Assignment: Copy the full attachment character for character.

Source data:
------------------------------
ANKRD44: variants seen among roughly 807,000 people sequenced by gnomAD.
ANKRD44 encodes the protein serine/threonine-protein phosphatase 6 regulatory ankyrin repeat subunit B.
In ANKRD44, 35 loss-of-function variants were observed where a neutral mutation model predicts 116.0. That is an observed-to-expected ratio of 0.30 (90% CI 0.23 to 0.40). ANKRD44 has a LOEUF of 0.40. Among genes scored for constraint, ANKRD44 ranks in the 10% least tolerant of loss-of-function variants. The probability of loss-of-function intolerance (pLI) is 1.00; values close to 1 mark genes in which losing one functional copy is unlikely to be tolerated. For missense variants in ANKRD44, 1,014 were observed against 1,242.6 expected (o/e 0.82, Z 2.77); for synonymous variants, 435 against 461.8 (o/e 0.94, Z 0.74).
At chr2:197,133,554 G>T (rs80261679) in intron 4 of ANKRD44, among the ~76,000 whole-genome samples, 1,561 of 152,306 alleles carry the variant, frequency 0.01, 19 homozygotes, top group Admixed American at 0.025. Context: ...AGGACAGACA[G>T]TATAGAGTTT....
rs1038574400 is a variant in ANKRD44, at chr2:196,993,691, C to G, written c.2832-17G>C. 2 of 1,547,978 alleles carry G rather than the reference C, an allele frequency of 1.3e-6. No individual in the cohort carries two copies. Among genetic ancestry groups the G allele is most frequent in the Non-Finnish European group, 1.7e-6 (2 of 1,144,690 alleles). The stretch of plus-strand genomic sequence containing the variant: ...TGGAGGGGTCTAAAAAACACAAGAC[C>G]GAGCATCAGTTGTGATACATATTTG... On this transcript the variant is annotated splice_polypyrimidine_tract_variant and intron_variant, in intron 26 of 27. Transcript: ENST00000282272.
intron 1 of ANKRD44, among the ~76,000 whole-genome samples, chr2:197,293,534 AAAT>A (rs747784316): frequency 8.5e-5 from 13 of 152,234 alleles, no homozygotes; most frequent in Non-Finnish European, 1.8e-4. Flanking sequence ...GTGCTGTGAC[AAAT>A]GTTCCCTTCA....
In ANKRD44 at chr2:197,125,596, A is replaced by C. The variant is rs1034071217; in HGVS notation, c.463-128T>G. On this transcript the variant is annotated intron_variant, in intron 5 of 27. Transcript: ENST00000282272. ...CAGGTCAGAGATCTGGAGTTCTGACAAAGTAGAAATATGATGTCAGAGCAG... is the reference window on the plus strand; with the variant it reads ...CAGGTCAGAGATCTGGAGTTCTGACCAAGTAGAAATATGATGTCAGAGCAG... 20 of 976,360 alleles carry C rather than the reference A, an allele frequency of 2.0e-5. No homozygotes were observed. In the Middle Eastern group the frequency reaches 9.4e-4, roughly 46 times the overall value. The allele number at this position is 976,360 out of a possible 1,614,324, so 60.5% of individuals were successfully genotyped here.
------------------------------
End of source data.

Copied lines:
ANKRD44: variants seen among roughly 807,000 people sequenced by gnomAD.
ANKRD44 encodes the protein serine/threonine-protein phosphatase 6 regulatory ankyrin repeat subunit B.
In ANKRD44, 35 loss-of-function variants were observed where a neutral mutation model predicts 116.0. That is an observed-to-expected ratio of 0.30 (90% CI 0.23 to 0.40). ANKRD44 has a LOEUF of 0.40. Among genes scored for constraint, ANKRD44 ranks in the 10% least tolerant of loss-of-function variants. The probability of loss-of-function intolerance (pLI) is 1.00; values close to 1 mark genes in which losing one functional copy is unlikely to be tolerated. For missense variants in ANKRD44, 1,014 were observed against 1,242.6 expected (o/e 0.82, Z 2.77); for synonymous variants, 435 against 461.8 (o/e 0.94, Z 0.74).
At chr2:197,133,554 G>T (rs80261679) in intron 4 of ANKRD44, among the ~76,000 whole-genome samples, 1,561 of 152,306 alleles carry the variant, frequency 0.01, 19 homozygotes, top group Admixed American at 0.025. Context: ...AGGACAGACA[G>T]TATAGAGTTT....
rs1038574400 is a variant in ANKRD44, at chr2:196,993,691, C to G, written c.2832-17G>C. 2 of 1,547,978 alleles carry G rather than the reference C, an allele frequency of 1.3e-6. No individual in the cohort carries two copies. Among genetic ancestry groups the G allele is most frequent in the Non-Finnish European group, 1.7e-6 (2 of 1,144,690 alleles). The stretch of plus-strand genomic sequence containing the variant: ...TGGAGGGGTCTAAAAAACACAAGAC[C>G]GAGCATCAGTTGTGATACATATTTG... On this transcript the variant is annotated splice_polypyrimidine_tract_variant and intron_variant, in intron 26 of 27. Transcript: ENST00000282272.
intron 1 of ANKRD44, among the ~76,000 whole-genome samples, chr2:197,293,534 AAAT>A (rs747784316): frequency 8.5e-5 from 13 of 152,234 alleles, no homozygotes; most frequent in Non-Finnish European, 1.8e-4. Flanking sequence ...GTGCTGTGAC[AAAT>A]GTTCCCTTCA....
In ANKRD44 at chr2:197,125,596, A is replaced by C. The variant is rs1034071217; in HGVS notation, c.463-128T>G. On this transcript the variant is annotated intron_variant, in intron 5 of 27. Transcript: ENST00000282272. ...CAGGTCAGAGATCTGGAGTTCTGACAAAGTAGAAATATGATGTCAGAGCAG... is the reference window on the plus strand; with the variant it reads ...CAGGTCAGAGATCTGGAGTTCTGACCAAGTAGAAATATGATGTCAGAGCAG... 20 of 976,360 alleles carry C rather than the reference A, an allele frequency of 2.0e-5. No homozygotes were observed. In the Middle Eastern group the frequency reaches 9.4e-4, roughly 46 times the overall value. The allele number at this position is 976,360 out of a possible 1,614,324, so 60.5% of individuals were successfully genotyped here.